For this purpose, it is wise to inform your users of the project before migrating the server. To involve them in the project, it may be useful to install the most common free software programs on their desktops prior to migration, which they will come across again after the migration to Debian; Libre Office and the Mozilla suite are the best examples here.
Network and Processes
<primary><command>nmap</command></primary>

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The <command>nmap</command> tool (in the package with the same name) will quickly identify Internet services hosted by a network connected machine without even requiring to log in to it. Simply call the following command on another machine connected to the same network:

<computeroutput>$ </computeroutput><userinput>nmap mirwiz</userinput>
<computeroutput>Starting Nmap 6.47 ( http://nmap.org ) at 2015-03-24 11:34 CET
Nmap scan report for mirwiz (192.168.1.104)
Host is up (0.0037s latency).
Not shown: 999 closed ports
PORT STATE SERVICE
22/tcp open ssh

Nmap done: 1 IP address (1 host up) scanned in 0.13 seconds</computeroutput>

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<emphasis>ALTERNATIVE</emphasis> Use <command>netstat</command> to find the list of available services
On a Linux machine, the <command>netstat -tupan</command> command will show the list of active or pending TCP sessions, as well UDP ports on which running programs are listening. This facilitates identification of services offered on the network.
<emphasis>GOING FURTHER</emphasis> IPv6
Some network commands may work either with IPv4 (the default usually) or with IPv6. These include the <command>nmap</command> and <command>netstat</command> commands, but also others, such as <command>route</command> or <command>ip</command>. The convention is that this behavior is enabled by the <parameter>-6</parameter> command-line option.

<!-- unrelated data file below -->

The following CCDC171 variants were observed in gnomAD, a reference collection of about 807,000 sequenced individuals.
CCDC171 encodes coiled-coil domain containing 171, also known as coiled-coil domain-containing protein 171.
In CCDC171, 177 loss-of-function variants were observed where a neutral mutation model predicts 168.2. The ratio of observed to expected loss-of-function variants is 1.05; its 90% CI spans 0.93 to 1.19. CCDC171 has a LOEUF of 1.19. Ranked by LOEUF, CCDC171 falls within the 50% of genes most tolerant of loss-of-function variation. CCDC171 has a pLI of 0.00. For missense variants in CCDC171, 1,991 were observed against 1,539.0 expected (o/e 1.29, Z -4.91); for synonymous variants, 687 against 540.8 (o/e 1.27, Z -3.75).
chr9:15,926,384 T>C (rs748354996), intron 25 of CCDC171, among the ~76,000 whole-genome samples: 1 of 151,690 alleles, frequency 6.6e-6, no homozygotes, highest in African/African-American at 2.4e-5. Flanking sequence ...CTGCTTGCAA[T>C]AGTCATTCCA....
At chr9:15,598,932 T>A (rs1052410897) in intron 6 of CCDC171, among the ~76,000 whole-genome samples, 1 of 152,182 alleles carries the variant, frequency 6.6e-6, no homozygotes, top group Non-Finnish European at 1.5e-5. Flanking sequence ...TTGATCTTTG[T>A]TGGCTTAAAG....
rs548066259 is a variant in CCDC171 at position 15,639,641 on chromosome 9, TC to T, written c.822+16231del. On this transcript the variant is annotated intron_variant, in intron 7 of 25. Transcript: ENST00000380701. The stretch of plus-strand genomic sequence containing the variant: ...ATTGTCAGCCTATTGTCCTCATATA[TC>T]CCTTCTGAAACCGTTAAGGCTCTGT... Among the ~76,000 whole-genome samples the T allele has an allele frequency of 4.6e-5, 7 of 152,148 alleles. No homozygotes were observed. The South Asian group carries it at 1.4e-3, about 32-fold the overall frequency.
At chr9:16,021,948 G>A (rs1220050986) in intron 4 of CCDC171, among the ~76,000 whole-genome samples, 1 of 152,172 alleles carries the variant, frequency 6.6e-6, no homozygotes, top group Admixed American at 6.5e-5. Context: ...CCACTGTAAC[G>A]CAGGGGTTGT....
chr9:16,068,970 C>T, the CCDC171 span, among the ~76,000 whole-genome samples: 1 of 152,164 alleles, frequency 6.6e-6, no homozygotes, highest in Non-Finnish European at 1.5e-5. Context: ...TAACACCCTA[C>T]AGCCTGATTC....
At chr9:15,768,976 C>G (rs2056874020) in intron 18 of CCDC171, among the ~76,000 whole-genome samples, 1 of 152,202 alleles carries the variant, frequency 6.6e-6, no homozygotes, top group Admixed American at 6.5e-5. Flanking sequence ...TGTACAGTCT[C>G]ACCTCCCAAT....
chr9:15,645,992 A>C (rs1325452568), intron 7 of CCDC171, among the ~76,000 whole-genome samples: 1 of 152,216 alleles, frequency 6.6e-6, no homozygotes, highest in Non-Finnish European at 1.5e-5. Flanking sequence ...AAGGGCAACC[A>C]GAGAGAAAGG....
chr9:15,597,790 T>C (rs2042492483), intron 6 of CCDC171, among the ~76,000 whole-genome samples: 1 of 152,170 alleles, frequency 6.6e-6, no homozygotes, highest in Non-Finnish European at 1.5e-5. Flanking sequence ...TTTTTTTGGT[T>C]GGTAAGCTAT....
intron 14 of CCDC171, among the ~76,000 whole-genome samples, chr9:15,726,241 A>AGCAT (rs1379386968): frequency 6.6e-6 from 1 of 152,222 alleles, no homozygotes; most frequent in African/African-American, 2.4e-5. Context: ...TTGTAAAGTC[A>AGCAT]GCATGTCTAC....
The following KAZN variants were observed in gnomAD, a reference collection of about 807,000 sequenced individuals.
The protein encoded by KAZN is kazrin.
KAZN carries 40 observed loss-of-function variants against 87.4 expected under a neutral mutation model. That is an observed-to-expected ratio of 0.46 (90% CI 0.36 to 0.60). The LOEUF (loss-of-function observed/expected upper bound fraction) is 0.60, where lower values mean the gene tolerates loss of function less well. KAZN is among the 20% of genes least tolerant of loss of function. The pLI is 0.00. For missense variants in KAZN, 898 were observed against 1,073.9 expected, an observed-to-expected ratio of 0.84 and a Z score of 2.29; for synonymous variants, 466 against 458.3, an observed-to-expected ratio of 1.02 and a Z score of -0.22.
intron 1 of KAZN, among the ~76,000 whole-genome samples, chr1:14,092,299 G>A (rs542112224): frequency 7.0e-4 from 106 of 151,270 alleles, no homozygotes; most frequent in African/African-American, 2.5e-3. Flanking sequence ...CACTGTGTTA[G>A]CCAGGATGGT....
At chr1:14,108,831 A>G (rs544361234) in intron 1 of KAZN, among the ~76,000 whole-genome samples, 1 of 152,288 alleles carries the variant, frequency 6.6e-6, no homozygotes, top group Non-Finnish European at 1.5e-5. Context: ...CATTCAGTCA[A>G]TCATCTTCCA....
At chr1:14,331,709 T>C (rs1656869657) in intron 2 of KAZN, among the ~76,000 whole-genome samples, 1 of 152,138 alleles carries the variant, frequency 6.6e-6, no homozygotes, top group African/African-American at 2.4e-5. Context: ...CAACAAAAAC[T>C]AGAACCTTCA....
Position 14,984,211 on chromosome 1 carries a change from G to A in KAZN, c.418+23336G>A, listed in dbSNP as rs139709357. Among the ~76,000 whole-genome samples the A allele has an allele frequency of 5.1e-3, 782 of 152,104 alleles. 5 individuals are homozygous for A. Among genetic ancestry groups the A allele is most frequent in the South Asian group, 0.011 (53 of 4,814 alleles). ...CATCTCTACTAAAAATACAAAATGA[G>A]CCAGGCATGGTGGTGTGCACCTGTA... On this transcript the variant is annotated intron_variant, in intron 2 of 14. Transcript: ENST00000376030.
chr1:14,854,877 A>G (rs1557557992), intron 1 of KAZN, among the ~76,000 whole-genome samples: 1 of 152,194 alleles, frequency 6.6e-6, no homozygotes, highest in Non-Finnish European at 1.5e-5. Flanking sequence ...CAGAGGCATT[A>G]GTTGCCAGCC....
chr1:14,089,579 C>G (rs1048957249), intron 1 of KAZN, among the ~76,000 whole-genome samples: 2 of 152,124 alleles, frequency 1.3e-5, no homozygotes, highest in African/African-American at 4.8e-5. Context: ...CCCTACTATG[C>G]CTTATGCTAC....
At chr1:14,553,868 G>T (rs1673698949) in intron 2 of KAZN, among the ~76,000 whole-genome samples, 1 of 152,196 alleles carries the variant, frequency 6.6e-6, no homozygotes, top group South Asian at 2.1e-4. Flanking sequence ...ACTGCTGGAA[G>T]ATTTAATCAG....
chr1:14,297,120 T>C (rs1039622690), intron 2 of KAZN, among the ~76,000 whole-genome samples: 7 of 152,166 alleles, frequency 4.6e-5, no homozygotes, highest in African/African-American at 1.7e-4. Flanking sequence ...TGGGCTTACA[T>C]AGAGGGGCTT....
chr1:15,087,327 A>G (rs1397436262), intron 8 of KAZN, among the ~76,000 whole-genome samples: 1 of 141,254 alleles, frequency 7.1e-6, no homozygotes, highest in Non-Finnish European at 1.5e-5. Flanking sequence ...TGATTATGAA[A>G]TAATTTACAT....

If the server is a Unix machine offering shell accounts to users, it is interesting to determine if processes are executed in the background in the absence of their owner. The command <command>ps auxw</command> displays a list of all processes with their user identity. By checking this information against the output of the <command>who</command> command, which gives a list of logged in users, it is possible to identify rogue or undeclared servers or programs running in the background. Looking at <filename>crontabs</filename> (tables listing automatic actions scheduled by users) will often provide interesting information on functions fulfilled by the server (a complete explanation of <command>cron</command> is available in <xref linkend="sect.task-scheduling-cron-atd" />).
In any case, it is essential to backup your servers: this allows recovery of information after the fact, when users will report specific problems due to the migration.
Backing up the Configuration

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It is wise to retain the configuration of every identified service in order to be able to install the equivalent on the updated server. The bare minimum is to make a backup copy of the configuration files.
For Unix machines, the configuration files are usually found in <filename>/etc/</filename>, but they may be located in a sub-directory of <filename>/usr/local/</filename>. This is the case if a program has been installed from sources, rather than with a package. In some cases, one may also find them under <filename>/opt/</filename>.
For data managing services (such as databases), it is strongly recommended to export the data to a standard format that will be easily imported by the new software. Such a format is usually in text mode and documented; it may be, for example, an SQL dump for a database, or an LDIF file for an LDAP server.
Database backups
Each server software is different, and it is impossible to describe all existing cases in detail. Compare the documentation for the existing and the new software to identify the exportable (thus, re-importable) portions and those which will require manual handling. Reading this book will clarify the configuration of the main Linux server programs.
Taking Over an Existing Debian Server
<primary>recovering a Debian machine</primary>